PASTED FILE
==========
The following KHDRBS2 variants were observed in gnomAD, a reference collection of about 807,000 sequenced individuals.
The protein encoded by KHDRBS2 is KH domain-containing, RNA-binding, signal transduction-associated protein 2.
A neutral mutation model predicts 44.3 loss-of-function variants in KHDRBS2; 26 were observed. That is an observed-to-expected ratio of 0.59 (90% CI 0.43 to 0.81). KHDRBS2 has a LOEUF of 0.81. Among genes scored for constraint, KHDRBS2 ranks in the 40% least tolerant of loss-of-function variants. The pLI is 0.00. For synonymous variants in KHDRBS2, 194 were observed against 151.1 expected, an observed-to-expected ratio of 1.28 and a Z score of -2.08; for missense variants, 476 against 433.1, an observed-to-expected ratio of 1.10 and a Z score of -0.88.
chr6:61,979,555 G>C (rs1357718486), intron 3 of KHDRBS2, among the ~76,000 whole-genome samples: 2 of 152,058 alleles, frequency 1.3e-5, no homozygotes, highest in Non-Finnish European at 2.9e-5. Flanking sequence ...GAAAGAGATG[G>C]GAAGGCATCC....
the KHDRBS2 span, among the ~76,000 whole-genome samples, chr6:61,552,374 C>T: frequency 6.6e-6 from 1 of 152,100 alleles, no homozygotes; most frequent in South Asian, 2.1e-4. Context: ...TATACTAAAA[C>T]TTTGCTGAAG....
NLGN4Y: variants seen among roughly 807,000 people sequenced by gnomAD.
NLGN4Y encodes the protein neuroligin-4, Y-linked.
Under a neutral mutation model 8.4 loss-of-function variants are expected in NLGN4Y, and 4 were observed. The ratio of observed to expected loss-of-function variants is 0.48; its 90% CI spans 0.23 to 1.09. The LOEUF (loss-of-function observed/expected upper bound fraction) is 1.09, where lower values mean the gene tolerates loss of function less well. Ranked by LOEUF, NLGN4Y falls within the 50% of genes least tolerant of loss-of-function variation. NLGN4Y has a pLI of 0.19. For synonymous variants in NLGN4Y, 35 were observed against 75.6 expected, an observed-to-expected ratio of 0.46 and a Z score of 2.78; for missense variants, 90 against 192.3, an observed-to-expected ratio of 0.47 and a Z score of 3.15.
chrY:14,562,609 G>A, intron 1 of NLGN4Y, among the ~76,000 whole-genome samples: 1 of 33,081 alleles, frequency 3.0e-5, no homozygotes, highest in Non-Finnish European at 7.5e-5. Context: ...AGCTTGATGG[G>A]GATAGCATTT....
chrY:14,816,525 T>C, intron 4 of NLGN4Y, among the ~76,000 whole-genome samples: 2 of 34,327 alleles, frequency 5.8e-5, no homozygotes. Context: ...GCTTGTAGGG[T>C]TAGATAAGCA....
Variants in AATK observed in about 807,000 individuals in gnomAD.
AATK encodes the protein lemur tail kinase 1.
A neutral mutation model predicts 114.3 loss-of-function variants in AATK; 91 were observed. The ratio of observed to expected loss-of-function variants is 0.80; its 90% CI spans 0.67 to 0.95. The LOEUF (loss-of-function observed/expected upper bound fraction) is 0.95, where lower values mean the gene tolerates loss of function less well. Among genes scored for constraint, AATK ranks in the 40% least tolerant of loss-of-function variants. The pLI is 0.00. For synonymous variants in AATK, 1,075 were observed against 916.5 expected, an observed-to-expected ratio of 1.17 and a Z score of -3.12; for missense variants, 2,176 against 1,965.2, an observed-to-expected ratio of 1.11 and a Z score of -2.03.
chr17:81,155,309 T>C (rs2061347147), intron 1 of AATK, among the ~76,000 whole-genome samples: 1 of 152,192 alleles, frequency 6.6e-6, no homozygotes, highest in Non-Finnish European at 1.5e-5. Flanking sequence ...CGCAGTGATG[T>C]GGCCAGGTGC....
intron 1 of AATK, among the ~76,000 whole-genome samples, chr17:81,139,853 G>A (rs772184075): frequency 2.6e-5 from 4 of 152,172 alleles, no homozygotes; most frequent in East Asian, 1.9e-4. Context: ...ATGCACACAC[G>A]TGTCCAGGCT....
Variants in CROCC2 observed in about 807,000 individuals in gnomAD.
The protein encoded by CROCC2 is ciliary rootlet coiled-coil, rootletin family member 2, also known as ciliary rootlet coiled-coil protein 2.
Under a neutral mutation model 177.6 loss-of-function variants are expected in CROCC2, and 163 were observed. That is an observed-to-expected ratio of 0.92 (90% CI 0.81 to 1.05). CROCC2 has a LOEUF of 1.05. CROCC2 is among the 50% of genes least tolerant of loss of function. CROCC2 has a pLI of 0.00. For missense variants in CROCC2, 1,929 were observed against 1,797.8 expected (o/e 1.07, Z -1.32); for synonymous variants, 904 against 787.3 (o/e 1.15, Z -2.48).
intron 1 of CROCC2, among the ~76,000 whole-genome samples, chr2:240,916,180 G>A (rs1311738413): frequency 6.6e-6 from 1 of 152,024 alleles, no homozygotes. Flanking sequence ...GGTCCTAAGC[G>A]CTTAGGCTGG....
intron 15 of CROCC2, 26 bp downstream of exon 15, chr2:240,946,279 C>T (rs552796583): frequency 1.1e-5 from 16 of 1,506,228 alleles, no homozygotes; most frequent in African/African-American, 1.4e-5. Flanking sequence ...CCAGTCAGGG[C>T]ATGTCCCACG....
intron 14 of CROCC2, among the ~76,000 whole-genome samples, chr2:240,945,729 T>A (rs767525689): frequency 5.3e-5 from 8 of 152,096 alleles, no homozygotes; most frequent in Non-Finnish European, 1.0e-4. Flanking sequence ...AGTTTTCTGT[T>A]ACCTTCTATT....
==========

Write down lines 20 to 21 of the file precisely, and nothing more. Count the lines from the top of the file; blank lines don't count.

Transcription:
intron 15 of CROCC2, 26 bp downstream of exon 15, chr2:240,946,279 C>T (rs552796583): frequency 1.1e-5 from 16 of 1,506,228 alleles, no homozygotes; most frequent in African/African-American, 1.4e-5. Flanking sequence ...CCAGTCAGGG[C>T]ATGTCCCACG....
intron 14 of CROCC2, among the ~76,000 whole-genome samples, chr2:240,945,729 T>A (rs767525689): frequency 5.3e-5 from 8 of 152,096 alleles, no homozygotes; most frequent in Non-Finnish European, 1.0e-4. Flanking sequence ...AGTTTTCTGT[T>A]ACCTTCTATT....